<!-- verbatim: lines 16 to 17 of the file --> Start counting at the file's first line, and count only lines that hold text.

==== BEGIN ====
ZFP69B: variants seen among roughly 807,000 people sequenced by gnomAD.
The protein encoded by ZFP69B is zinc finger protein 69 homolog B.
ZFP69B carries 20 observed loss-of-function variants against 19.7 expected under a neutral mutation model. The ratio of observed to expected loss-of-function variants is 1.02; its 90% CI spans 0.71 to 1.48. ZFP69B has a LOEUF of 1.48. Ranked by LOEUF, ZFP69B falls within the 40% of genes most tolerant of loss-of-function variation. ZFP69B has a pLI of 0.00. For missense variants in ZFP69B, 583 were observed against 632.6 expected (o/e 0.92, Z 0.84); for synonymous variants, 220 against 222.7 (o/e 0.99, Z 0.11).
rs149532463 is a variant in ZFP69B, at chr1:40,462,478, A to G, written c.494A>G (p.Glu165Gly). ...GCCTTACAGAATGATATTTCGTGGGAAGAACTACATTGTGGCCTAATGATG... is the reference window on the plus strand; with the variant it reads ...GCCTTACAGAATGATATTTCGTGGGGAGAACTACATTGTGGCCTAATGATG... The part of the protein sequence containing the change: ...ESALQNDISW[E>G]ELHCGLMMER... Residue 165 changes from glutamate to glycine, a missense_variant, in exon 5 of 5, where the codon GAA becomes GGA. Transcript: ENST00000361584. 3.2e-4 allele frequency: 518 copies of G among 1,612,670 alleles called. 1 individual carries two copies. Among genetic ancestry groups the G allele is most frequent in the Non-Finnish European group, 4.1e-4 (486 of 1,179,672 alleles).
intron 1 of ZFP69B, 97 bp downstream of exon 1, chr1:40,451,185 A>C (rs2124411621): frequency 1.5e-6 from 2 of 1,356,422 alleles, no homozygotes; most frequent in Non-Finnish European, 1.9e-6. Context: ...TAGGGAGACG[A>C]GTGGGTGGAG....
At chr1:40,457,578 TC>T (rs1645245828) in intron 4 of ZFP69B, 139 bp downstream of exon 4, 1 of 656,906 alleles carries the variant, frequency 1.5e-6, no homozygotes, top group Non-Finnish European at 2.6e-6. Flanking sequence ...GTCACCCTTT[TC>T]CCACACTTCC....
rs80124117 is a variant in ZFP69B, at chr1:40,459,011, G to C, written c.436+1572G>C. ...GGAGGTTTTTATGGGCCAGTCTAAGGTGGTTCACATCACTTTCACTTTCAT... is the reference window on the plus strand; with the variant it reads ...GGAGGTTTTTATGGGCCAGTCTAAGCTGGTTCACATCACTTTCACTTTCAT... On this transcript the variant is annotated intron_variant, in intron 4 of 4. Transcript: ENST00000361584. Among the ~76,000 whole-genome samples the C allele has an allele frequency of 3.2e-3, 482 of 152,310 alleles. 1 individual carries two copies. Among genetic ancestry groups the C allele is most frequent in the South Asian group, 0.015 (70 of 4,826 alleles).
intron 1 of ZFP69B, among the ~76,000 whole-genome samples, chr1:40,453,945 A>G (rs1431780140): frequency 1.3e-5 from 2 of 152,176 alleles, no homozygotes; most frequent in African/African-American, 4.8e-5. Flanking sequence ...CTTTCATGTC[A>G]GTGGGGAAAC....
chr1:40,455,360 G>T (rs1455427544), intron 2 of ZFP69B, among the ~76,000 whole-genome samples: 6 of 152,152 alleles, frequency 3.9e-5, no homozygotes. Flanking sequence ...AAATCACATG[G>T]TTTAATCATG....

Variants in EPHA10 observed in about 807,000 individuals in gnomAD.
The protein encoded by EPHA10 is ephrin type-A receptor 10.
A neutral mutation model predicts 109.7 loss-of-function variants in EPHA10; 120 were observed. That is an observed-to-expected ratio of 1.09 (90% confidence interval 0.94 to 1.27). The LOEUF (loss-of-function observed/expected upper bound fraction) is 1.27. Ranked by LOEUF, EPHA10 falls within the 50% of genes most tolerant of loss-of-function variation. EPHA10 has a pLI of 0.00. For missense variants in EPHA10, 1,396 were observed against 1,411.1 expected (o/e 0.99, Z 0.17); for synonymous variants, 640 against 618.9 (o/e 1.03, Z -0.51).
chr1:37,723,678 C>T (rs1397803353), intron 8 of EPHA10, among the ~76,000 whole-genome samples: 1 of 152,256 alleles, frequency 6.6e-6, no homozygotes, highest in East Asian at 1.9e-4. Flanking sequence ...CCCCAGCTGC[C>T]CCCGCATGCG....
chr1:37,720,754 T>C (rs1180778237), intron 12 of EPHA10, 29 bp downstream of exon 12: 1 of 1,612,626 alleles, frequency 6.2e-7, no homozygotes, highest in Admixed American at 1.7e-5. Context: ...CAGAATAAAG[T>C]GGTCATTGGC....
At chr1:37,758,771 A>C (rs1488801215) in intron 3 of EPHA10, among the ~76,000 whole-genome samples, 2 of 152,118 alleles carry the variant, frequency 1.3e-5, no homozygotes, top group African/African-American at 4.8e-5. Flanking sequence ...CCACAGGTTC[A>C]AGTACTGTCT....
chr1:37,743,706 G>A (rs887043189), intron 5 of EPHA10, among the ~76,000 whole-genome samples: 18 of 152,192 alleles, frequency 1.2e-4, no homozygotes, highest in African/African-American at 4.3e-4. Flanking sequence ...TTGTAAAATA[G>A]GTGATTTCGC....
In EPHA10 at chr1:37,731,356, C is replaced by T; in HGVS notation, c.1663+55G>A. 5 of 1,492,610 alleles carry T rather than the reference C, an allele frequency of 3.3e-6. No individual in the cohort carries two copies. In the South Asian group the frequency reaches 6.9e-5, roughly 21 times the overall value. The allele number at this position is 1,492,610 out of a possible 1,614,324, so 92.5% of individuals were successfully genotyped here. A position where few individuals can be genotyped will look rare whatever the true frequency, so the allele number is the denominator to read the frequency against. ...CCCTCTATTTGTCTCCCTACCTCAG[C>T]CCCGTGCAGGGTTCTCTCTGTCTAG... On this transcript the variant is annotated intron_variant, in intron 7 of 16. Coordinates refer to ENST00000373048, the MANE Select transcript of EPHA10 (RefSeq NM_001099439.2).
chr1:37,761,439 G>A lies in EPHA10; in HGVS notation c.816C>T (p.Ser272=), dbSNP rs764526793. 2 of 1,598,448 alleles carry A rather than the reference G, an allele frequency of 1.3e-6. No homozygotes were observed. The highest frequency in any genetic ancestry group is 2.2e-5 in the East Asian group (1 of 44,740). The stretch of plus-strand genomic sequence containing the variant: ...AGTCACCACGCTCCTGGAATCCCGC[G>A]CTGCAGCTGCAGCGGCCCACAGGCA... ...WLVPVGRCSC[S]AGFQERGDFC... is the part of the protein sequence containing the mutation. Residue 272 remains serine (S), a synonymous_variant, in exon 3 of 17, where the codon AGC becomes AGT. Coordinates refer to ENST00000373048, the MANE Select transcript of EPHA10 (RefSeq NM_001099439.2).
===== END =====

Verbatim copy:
chr1:37,743,706 G>A (rs887043189), intron 5 of EPHA10, among the ~76,000 whole-genome samples: 18 of 152,192 alleles, frequency 1.2e-4, no homozygotes, highest in African/African-American at 4.3e-4. Flanking sequence ...TTGTAAAATA[G>A]GTGATTTCGC....
In EPHA10 at chr1:37,731,356, C is replaced by T; in HGVS notation, c.1663+55G>A. 5 of 1,492,610 alleles carry T rather than the reference C, an allele frequency of 3.3e-6. No individual in the cohort carries two copies. In the South Asian group the frequency reaches 6.9e-5, roughly 21 times the overall value. The allele number at this position is 1,492,610 out of a possible 1,614,324, so 92.5% of individuals were successfully genotyped here. A position where few individuals can be genotyped will look rare whatever the true frequency, so the allele number is the denominator to read the frequency against. ...CCCTCTATTTGTCTCCCTACCTCAG[C>T]CCCGTGCAGGGTTCTCTCTGTCTAG... On this transcript the variant is annotated intron_variant, in intron 7 of 16. Coordinates refer to ENST00000373048, the MANE Select transcript of EPHA10 (RefSeq NM_001099439.2).